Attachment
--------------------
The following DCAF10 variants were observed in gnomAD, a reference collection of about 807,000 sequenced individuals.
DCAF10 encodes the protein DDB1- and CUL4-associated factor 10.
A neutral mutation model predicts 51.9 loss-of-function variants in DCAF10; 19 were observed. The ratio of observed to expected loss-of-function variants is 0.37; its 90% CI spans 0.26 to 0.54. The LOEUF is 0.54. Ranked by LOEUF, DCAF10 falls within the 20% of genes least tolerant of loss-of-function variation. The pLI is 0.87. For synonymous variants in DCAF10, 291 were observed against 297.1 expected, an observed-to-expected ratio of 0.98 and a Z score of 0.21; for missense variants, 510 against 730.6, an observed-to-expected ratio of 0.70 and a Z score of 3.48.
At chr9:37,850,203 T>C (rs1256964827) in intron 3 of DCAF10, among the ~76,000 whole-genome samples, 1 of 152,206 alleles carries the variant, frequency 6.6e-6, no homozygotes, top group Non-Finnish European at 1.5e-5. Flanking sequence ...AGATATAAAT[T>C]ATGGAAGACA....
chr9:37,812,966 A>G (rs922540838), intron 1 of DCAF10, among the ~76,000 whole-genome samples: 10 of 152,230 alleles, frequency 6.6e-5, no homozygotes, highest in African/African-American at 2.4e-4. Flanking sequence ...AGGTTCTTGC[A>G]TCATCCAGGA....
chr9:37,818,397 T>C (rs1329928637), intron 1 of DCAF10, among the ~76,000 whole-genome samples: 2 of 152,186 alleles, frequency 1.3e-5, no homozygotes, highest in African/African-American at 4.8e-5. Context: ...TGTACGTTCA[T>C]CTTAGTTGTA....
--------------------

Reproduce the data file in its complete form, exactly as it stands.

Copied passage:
The following DCAF10 variants were observed in gnomAD, a reference collection of about 807,000 sequenced individuals.
DCAF10 encodes the protein DDB1- and CUL4-associated factor 10.
A neutral mutation model predicts 51.9 loss-of-function variants in DCAF10; 19 were observed. The ratio of observed to expected loss-of-function variants is 0.37; its 90% CI spans 0.26 to 0.54. The LOEUF is 0.54. Ranked by LOEUF, DCAF10 falls within the 20% of genes least tolerant of loss-of-function variation. The pLI is 0.87. For synonymous variants in DCAF10, 291 were observed against 297.1 expected, an observed-to-expected ratio of 0.98 and a Z score of 0.21; for missense variants, 510 against 730.6, an observed-to-expected ratio of 0.70 and a Z score of 3.48.
At chr9:37,850,203 T>C (rs1256964827) in intron 3 of DCAF10, among the ~76,000 whole-genome samples, 1 of 152,206 alleles carries the variant, frequency 6.6e-6, no homozygotes, top group Non-Finnish European at 1.5e-5. Flanking sequence ...AGATATAAAT[T>C]ATGGAAGACA....
chr9:37,812,966 A>G (rs922540838), intron 1 of DCAF10, among the ~76,000 whole-genome samples: 10 of 152,230 alleles, frequency 6.6e-5, no homozygotes, highest in African/African-American at 2.4e-4. Flanking sequence ...AGGTTCTTGC[A>G]TCATCCAGGA....
chr9:37,818,397 T>C (rs1329928637), intron 1 of DCAF10, among the ~76,000 whole-genome samples: 2 of 152,186 alleles, frequency 1.3e-5, no homozygotes, highest in African/African-American at 4.8e-5. Context: ...TGTACGTTCA[T>C]CTTAGTTGTA....